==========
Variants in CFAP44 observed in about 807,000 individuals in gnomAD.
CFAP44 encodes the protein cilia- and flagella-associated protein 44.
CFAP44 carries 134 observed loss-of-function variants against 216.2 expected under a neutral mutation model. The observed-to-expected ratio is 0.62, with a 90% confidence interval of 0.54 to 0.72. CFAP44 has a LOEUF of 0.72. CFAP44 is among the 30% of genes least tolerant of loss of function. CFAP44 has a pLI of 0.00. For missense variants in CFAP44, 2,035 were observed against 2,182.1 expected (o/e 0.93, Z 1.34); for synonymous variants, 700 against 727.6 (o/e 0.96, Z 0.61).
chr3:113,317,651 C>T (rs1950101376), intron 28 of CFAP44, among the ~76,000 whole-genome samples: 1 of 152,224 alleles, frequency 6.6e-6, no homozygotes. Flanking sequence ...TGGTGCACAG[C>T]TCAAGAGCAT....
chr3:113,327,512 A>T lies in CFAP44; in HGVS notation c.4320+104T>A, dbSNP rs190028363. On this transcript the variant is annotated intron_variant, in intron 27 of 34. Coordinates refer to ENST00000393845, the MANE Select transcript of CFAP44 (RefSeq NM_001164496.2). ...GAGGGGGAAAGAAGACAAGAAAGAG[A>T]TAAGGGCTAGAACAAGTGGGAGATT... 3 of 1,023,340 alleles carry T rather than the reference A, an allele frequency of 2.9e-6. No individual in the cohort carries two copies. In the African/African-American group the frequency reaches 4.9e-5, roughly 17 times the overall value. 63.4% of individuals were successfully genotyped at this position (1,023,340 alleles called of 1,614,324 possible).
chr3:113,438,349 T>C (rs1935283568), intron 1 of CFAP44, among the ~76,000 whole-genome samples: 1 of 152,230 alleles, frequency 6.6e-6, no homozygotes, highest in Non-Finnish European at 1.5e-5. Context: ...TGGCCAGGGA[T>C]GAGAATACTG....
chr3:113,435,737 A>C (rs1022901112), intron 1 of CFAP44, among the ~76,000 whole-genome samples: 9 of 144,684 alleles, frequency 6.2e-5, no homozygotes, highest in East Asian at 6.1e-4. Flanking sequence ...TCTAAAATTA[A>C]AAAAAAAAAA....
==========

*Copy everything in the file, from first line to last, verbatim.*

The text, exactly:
Variants in CFAP44 observed in about 807,000 individuals in gnomAD.
CFAP44 encodes the protein cilia- and flagella-associated protein 44.
CFAP44 carries 134 observed loss-of-function variants against 216.2 expected under a neutral mutation model. The observed-to-expected ratio is 0.62, with a 90% confidence interval of 0.54 to 0.72. CFAP44 has a LOEUF of 0.72. CFAP44 is among the 30% of genes least tolerant of loss of function. CFAP44 has a pLI of 0.00. For missense variants in CFAP44, 2,035 were observed against 2,182.1 expected (o/e 0.93, Z 1.34); for synonymous variants, 700 against 727.6 (o/e 0.96, Z 0.61).
chr3:113,317,651 C>T (rs1950101376), intron 28 of CFAP44, among the ~76,000 whole-genome samples: 1 of 152,224 alleles, frequency 6.6e-6, no homozygotes. Flanking sequence ...TGGTGCACAG[C>T]TCAAGAGCAT....
chr3:113,327,512 A>T lies in CFAP44; in HGVS notation c.4320+104T>A, dbSNP rs190028363. On this transcript the variant is annotated intron_variant, in intron 27 of 34. Coordinates refer to ENST00000393845, the MANE Select transcript of CFAP44 (RefSeq NM_001164496.2). ...GAGGGGGAAAGAAGACAAGAAAGAG[A>T]TAAGGGCTAGAACAAGTGGGAGATT... 3 of 1,023,340 alleles carry T rather than the reference A, an allele frequency of 2.9e-6. No individual in the cohort carries two copies. In the African/African-American group the frequency reaches 4.9e-5, roughly 17 times the overall value. 63.4% of individuals were successfully genotyped at this position (1,023,340 alleles called of 1,614,324 possible).
chr3:113,438,349 T>C (rs1935283568), intron 1 of CFAP44, among the ~76,000 whole-genome samples: 1 of 152,230 alleles, frequency 6.6e-6, no homozygotes, highest in Non-Finnish European at 1.5e-5. Context: ...TGGCCAGGGA[T>C]GAGAATACTG....
chr3:113,435,737 A>C (rs1022901112), intron 1 of CFAP44, among the ~76,000 whole-genome samples: 9 of 144,684 alleles, frequency 6.2e-5, no homozygotes, highest in East Asian at 6.1e-4. Flanking sequence ...TCTAAAATTA[A>C]AAAAAAAAAA....